American gun owners in recent years have exhibited higher levels of political participation, not only in voting but in donating money to candidates and contacting elected officials, according to a study by University of Kansas political scientists.
“Part of the reason majority opinions on gun control legislation aren’t turning into policy is that gun owners are a very strong political group who hold a lot of weight and hold a lot of influence despite being a minority in American politics,” said Abbie Vegter, a graduate student in political science.
Vegter is collaborating on the research with KU political science professors Don Haider-Markel and Mark Joslyn. They will present their findings, “Motivated Voices: Gun Ownership and the Propensity for Political Participation,” as part of the American Political Science Association’s annual meeting in Boston.
Haider-Markel and Joslyn have published several studies on gun politics in recent decades.
In the recent study, the researchers examined the political behavior of gun owners versus non-gun owners in presidential election years from 1972 to 2012. Primarily, they found that gun owners have increasingly become more politically active during that time. The findings could be key in determining why major gun control legislation in Congress has remained elusive, even after mass shootings such as Newtown in 2012 and others, even when a majority of people tend to support stricter gun laws.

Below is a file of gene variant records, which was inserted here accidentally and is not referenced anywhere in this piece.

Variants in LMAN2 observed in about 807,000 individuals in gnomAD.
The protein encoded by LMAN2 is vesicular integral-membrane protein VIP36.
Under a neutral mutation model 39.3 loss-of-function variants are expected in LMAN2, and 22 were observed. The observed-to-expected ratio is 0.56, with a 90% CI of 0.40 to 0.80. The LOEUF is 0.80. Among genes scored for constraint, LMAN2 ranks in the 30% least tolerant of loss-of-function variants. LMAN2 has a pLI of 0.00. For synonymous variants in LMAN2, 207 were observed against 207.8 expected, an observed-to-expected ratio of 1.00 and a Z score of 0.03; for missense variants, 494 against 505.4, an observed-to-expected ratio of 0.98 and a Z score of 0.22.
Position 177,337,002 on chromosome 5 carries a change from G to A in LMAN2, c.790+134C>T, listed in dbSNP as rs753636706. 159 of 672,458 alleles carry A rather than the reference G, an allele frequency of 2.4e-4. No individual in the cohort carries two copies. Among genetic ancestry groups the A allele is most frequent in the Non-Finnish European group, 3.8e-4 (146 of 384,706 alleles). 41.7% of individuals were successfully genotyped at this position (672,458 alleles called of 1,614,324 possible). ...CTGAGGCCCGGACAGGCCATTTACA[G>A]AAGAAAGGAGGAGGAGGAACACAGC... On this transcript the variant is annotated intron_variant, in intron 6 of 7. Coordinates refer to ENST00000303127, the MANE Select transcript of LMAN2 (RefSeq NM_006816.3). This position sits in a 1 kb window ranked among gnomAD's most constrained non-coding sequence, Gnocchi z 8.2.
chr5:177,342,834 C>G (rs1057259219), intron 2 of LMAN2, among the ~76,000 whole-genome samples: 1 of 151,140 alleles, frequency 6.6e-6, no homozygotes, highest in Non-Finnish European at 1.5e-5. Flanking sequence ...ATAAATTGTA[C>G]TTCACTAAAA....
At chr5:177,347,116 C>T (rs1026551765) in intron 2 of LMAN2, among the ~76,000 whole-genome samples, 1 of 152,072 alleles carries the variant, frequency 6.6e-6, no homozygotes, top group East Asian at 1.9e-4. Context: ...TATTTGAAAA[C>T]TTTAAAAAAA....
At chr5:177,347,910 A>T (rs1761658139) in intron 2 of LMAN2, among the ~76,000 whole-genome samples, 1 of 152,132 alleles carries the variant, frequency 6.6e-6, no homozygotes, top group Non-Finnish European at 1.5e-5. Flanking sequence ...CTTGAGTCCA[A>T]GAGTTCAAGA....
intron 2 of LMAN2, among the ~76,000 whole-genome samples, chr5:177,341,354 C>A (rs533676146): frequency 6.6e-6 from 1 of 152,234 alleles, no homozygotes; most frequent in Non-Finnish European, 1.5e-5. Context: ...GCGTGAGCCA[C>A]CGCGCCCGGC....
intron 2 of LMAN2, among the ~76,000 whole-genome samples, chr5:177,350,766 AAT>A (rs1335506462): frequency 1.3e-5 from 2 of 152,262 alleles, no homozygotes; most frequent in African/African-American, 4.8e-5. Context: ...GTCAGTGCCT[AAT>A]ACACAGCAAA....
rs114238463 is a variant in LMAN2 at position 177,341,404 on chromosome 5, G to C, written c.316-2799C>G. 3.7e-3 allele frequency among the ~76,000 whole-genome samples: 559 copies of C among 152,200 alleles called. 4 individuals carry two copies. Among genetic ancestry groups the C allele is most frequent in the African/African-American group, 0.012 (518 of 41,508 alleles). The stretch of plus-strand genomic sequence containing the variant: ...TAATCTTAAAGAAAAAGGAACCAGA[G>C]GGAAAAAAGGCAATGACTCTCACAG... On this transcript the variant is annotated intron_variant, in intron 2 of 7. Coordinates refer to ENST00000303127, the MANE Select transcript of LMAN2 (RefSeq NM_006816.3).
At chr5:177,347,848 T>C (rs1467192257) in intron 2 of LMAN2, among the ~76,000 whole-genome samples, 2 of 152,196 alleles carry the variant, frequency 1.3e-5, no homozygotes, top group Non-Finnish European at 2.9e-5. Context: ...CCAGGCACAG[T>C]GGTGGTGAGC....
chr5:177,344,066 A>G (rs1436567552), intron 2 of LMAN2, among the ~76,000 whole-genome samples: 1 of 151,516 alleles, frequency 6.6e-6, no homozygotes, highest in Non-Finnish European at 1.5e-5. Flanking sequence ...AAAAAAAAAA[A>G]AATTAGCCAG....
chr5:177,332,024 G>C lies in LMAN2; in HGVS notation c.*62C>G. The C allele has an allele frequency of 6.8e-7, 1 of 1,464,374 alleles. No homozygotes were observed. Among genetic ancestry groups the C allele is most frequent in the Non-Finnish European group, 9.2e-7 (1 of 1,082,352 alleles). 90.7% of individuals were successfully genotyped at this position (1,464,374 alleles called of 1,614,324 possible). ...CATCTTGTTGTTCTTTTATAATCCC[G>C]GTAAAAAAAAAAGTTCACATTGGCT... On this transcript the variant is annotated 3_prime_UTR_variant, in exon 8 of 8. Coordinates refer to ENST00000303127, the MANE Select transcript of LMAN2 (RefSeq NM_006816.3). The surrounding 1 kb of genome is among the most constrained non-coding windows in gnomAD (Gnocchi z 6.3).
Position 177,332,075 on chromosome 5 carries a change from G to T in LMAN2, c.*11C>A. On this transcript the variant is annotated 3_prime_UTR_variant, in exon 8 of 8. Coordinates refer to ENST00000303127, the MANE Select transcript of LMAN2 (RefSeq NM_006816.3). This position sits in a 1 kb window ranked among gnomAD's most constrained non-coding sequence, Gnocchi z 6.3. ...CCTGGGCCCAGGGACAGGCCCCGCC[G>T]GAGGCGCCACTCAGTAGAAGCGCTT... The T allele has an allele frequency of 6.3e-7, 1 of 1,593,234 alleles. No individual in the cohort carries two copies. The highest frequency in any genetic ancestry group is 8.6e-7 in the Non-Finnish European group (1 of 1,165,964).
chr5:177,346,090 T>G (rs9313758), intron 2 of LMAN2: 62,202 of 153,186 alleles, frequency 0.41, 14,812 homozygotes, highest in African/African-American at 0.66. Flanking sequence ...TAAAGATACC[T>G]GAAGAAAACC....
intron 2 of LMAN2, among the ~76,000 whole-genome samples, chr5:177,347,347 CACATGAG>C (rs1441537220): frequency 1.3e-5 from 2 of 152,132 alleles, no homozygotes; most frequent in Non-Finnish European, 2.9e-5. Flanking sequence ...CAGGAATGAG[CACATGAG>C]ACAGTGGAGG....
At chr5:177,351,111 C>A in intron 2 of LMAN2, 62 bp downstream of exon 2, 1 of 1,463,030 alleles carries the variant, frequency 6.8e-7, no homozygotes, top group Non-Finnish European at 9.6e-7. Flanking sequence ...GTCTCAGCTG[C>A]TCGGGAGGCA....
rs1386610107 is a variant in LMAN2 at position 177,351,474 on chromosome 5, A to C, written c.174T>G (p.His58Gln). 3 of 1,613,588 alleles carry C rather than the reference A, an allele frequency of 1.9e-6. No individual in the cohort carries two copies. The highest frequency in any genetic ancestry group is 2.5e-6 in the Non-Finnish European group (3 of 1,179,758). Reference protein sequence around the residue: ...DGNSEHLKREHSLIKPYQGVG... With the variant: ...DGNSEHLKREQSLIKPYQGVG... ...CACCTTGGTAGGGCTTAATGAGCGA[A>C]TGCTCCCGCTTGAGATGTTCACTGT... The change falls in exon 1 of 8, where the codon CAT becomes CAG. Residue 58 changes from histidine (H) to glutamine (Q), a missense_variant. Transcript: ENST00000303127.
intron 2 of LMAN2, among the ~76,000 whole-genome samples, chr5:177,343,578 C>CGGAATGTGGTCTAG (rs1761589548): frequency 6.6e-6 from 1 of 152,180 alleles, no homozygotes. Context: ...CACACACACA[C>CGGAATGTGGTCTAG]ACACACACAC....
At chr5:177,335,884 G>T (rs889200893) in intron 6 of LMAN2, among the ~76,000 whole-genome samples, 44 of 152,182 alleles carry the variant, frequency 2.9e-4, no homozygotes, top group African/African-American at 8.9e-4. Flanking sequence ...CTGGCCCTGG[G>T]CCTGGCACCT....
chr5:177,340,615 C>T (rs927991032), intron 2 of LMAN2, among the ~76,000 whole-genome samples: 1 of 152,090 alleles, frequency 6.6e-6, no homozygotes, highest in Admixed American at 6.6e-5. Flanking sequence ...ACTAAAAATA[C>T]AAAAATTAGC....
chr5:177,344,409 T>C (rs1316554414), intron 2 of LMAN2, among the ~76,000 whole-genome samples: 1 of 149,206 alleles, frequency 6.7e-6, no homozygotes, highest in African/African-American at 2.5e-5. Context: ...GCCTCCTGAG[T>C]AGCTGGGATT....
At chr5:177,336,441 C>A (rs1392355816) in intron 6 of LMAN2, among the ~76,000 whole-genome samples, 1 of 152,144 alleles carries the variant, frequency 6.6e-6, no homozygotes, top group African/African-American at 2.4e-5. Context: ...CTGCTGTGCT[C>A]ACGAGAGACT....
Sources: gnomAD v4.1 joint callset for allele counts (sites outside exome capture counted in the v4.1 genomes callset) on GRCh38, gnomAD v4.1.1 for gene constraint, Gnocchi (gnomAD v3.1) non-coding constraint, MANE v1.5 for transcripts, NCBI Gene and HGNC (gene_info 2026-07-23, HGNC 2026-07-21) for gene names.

“Our major conclusion establishes gun owners as a distinct social group, and we see how that social group influences their likelihood of participating in politics,” Vegter said.
Much of political conversation surrounding guns tends to focus on large groups like the National Rifle Association’s influence, but Vegter said the study’s results paint a different picture.
“Only one in five gun owners belong to the NRA, so we think there is something else going on than just the NRA when it comes to mobilization,” she said.
One explanation could be shifting reasons for owning a gun and how more people tend to see it as part of their identity.
“Owning a gun for hunting doesn’t necessarily mean being a hunter is a core part of your identity,” she said. “But owning a gun because you think it’s an essential right guaranteed in the Constitution is more a part of your political identity. It’s something more attached from the get-go to politics.”
Vegter said the researchers are still exploring what has driven this shift in attitude among gun owners, whether it was in response to past gun control legislation at the state level or a reaction to certain candidates who were elected who had stronger views about gun control.
Conservatives seem to have done a better deal at realizing this trend and seeking to politically mobilize gun owners in campaign ads and other actions, she said.
“There are a couple of lessons. For individuals, especially individual gun control advocates, in order to make a difference, you need to match this level of mobilization and participation,” Vegter said. “There is also a lesson there for politicians who I think traditionally have not seen gun owners as a political group to be addressed.”
One development to watch will be the level of activity, especially among students who survived the Feb. 14 shooting at Marjory Stoneman Douglas High School in Parkland, Florida. Many of them have advocated in campaigns and in national media for stricter gun control policies, which has kept the issue in the forefront longer than what typically occurs after a high-profile mass shooting, she said.
“There has been this sustained attention,” Vegter said, “and I think the true test will be that mobilization piece.”